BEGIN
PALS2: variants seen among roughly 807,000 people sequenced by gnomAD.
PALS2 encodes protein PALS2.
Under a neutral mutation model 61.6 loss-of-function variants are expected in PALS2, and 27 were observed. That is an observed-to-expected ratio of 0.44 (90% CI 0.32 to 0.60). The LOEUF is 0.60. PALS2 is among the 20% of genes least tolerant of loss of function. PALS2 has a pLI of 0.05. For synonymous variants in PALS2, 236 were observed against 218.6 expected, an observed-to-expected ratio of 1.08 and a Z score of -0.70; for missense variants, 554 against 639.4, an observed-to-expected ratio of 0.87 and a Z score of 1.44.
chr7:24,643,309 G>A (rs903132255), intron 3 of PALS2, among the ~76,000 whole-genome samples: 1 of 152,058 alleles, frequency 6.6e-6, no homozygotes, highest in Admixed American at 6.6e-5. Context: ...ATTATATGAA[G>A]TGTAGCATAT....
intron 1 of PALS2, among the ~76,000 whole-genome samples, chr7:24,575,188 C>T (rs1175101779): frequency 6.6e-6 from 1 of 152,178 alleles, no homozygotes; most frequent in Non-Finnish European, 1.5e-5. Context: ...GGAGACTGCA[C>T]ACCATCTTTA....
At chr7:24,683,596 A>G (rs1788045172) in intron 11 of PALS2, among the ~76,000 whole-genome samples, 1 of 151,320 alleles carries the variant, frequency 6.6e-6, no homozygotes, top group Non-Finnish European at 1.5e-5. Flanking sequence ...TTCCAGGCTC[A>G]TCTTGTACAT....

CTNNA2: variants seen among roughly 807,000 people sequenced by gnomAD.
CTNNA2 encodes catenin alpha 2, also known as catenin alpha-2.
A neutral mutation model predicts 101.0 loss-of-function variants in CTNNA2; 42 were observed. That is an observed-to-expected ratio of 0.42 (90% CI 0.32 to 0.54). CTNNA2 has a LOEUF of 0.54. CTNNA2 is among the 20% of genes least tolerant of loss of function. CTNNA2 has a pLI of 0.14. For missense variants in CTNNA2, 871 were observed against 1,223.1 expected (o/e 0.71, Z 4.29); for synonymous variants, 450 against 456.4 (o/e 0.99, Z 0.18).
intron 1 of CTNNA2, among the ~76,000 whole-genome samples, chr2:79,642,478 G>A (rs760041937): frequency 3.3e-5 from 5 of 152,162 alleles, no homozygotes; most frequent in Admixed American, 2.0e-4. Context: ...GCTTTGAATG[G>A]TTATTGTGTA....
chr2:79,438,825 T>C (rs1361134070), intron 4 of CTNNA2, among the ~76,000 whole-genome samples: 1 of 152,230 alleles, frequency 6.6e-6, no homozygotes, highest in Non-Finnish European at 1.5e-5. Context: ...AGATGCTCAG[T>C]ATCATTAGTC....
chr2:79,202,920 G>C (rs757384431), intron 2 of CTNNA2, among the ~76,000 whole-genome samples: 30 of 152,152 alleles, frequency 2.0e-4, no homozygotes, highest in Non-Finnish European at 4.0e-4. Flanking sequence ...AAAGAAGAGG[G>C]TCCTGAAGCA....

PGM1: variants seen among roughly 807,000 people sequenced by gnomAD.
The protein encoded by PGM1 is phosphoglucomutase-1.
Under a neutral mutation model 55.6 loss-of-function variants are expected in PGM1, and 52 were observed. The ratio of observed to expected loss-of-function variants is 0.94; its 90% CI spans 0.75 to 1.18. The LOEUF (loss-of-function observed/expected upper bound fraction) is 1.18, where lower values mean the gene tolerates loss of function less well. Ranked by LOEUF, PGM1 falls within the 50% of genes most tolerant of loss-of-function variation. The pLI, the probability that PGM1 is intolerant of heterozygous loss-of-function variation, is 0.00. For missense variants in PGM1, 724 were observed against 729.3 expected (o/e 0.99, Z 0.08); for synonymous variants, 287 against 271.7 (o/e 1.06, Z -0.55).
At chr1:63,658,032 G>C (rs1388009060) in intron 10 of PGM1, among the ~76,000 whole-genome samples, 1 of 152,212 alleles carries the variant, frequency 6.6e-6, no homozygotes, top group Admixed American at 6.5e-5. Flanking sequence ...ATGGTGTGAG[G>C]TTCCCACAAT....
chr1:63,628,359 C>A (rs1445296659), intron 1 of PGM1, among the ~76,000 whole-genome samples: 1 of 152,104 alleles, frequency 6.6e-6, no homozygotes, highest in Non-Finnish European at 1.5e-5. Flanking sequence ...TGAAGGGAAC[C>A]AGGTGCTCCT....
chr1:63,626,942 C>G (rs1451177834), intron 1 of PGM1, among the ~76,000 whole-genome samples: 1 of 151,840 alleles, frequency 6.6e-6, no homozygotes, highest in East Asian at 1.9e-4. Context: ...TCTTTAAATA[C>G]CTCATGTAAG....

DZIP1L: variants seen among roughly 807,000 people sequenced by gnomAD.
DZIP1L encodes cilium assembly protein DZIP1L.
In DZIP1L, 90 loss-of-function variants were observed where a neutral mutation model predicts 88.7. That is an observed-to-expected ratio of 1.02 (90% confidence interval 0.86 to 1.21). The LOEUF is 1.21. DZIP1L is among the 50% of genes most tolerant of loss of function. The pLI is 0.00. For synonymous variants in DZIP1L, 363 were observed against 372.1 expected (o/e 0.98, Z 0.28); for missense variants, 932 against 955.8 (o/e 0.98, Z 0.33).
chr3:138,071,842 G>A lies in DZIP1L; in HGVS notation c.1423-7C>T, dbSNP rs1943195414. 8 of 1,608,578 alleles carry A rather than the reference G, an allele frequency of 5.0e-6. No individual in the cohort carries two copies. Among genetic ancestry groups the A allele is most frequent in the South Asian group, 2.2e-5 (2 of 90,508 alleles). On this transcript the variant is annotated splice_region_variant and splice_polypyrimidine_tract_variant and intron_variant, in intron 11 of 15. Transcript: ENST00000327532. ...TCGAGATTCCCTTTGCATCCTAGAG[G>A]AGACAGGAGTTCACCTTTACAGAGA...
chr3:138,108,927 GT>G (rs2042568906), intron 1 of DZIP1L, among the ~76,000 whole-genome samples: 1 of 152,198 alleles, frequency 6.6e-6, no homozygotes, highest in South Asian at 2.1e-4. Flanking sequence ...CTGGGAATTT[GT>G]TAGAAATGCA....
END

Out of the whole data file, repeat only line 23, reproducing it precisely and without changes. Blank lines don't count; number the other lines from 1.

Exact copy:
chr3:138,108,927 GT>G (rs2042568906), intron 1 of DZIP1L, among the ~76,000 whole-genome samples: 1 of 152,198 alleles, frequency 6.6e-6, no homozygotes, highest in South Asian at 2.1e-4. Flanking sequence ...CTGGGAATTT[GT>G]TAGAAATGCA....